Selfies may not have too many purposes, but at least some of them can make you laugh. Rain Yokohama made sure to create a series of selfies that will definitely make your day. He took several “photos with his girlfriend”, which would be totally usual – if he had a girlfriend. In this humorous gallery of “couple photos”, he poses and takes photos on his own. He makes it look like his significant other’s taking photos of him, or even as they are posing together. And the photos actually seem legit, until you see the BTS photos and choke with laughter.
Do you take selfies or they annoy you? We have recently reported about a study that shows people are ready to accept selfies as a tool. But another study shows an interesting twist when it comes to selfies. It seems many people are willing to take them, yet not so many want to look at selfies of others.
Sarah Diefenbach and Lara Christoforakos of Ludwig-Maximilians-University Munich conducted a research, and the results were published in Frontiers in Pshychology. The paper explores what the researches have named “The Selfie Paradox”, and it really is interesting how “nobody likes selfies”, yet they take them regularly.
Selfies are a 21st-century thing, right? Well, they certainly got popular in the 2000s, but the first selfies were taken way back. Before it was cool. Photographer Joseph Byron may be responsible for the first selfies ever taken, both individual and group. I think they could easily get tons of likes on Instagram today.
Have you ever thought about what exactly is a selfie? Of course, we all know it’s a photo you make of yourself. But is there something more? Can a selfie become more than just a snapshot for remembering the moments or fishing for comments? A research from Sony Mobile shows that selfies might become much more than they are now. They may become applicable in banking, shopping, healthcare and many other situations.
Sony Mobile and Futurizon conducted a research and surveyed 6,500 European consumers in the UK, France, Germany and Spain. The results show that the consumers are ready to embrace a selfie as a tool in plenty of situations. They see a “vast number of potential applications” of selfies in the next five years.
If you think selfie sticks are so 2014, here’s something to up your selfie game. Now you can take aerial selfies using an autonomous flying camera which you can always carry with you. It’s called Selfly and it snaps of your phone when you want to use it. When you’re done shooting, you simply attach it back to the phone case and put it in your pocket. So, it’s a gadget that allows you to take selfies from a new perspective, and to annoy people around you in a completely new way.
Dou you remember your first phone with camera? When you look at those photos now, you realize how bad quality those camera actually was. Still, it’s fun to look back on cameras and phones, compare them and realize how much they have advanced. Actress Nina Dobrev goes through the history of phone cameras and the evolution of selfies from 2003 to 2017.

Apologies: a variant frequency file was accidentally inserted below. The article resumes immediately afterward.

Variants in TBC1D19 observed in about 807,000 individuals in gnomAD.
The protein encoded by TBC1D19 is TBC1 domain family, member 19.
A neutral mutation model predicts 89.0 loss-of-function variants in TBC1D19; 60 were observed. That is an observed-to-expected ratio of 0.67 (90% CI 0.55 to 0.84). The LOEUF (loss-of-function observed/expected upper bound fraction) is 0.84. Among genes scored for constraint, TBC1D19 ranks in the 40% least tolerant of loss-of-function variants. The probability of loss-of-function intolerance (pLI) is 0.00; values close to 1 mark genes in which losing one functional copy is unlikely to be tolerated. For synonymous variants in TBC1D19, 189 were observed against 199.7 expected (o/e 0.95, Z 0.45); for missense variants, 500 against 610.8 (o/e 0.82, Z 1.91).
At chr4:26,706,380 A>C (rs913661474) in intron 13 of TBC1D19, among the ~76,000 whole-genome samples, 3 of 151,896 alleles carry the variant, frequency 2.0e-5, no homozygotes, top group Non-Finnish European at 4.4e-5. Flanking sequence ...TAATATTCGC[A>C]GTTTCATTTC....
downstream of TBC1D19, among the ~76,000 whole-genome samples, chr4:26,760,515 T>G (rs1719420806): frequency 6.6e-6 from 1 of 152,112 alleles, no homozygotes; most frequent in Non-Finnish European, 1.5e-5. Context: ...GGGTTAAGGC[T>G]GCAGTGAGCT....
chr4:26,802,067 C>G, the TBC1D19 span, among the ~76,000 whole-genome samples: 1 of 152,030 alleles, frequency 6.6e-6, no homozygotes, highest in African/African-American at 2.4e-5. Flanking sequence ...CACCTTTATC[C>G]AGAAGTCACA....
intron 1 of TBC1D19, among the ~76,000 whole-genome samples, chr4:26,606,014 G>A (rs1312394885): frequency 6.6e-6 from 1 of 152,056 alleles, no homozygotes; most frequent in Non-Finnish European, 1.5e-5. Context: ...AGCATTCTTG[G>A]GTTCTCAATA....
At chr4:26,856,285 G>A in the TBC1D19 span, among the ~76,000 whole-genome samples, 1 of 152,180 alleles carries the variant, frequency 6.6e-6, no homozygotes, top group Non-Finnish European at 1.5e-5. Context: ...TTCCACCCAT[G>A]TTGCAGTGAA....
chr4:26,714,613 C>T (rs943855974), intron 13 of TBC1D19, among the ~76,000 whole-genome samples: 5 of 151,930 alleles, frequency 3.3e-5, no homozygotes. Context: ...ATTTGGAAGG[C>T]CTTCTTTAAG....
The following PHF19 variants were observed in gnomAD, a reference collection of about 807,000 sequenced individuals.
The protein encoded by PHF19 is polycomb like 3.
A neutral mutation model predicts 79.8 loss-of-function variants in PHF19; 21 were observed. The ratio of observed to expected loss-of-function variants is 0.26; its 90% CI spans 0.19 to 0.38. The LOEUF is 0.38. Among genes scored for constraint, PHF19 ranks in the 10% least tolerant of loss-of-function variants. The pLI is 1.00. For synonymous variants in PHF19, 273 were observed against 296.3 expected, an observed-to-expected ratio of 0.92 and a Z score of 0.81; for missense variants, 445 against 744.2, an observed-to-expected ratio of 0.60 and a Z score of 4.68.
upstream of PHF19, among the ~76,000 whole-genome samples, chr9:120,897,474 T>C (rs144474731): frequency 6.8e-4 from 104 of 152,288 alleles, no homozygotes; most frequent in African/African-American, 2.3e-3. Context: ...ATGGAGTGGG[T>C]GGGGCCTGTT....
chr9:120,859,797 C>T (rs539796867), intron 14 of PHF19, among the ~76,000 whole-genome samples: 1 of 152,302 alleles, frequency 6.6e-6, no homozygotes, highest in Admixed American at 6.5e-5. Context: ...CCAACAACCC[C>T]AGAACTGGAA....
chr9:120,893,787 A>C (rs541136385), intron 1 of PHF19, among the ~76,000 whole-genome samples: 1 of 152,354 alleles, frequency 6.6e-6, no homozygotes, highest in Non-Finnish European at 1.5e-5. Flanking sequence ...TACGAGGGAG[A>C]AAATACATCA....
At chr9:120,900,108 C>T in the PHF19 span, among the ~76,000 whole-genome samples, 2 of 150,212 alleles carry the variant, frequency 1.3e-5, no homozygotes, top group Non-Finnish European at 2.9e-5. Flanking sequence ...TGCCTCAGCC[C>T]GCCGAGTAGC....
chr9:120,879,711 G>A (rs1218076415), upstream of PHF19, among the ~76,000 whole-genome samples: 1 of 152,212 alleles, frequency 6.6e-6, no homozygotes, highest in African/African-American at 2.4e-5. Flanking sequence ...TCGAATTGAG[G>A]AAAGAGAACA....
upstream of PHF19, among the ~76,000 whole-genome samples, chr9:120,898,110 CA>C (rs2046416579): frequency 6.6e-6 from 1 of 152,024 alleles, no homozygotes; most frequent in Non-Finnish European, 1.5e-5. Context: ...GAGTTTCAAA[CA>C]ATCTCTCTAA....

Selfie sticks have been around for a while, and (unfortunately) it seems they are here to stay. They serve as a tool to help you take a photo of yourself with (or without) your friends and get everyone in the frame. But, is it that easy to take a high-quality, artistic selfie with a selfie-stick? This “professional selfie-stick photographer” hit the streets of New York City and offered people to help them take professional photos with a selfie-stick.
remember that monkey who took a selfie and then PETA claimed it owned the copyrights for that selfie? And remember that the federal court ruled that the monkey can’t be the owner of the photos? Well, you know the saying: It ain’t over till the fat monkey sings. And indeed it seems that PETA just appealed the decision in what has to be the weirdest copyright case in the history of monkeys.
It’s almost like you can’t go to an event these days without seeing a photo booth. Whether it’s a wedding, an office party, or just a weekend barbecue with family and friends, there seems to be a photo booth.
There are a million different ways to make photo booths, from super expensive RED powered slow-mo booths to 3D photo booths and a vintage selfie booth, and in this weekend project from Make, we’re shown how to make our own touch screen photo booth for very little cost based around a Raspberry Pi.
Admit it! object masking sucks. It’s not that it is impossible, even the hardest selections and masks can be created with some work (and some methods require less work that others). But, in general, masking is a hard and tedious work.
Researchers in the The Chinese University of Hong Kong working with Adobe Research are now showing some work that uses Convolutional Neural Networks to successfully mask portraits. The paper bears the boring name “Automatic Portrait Segmentation for Image Stylization” [PDF link], and it shows how selection and masking can significantly improve if the software knows that it’s making a portrait.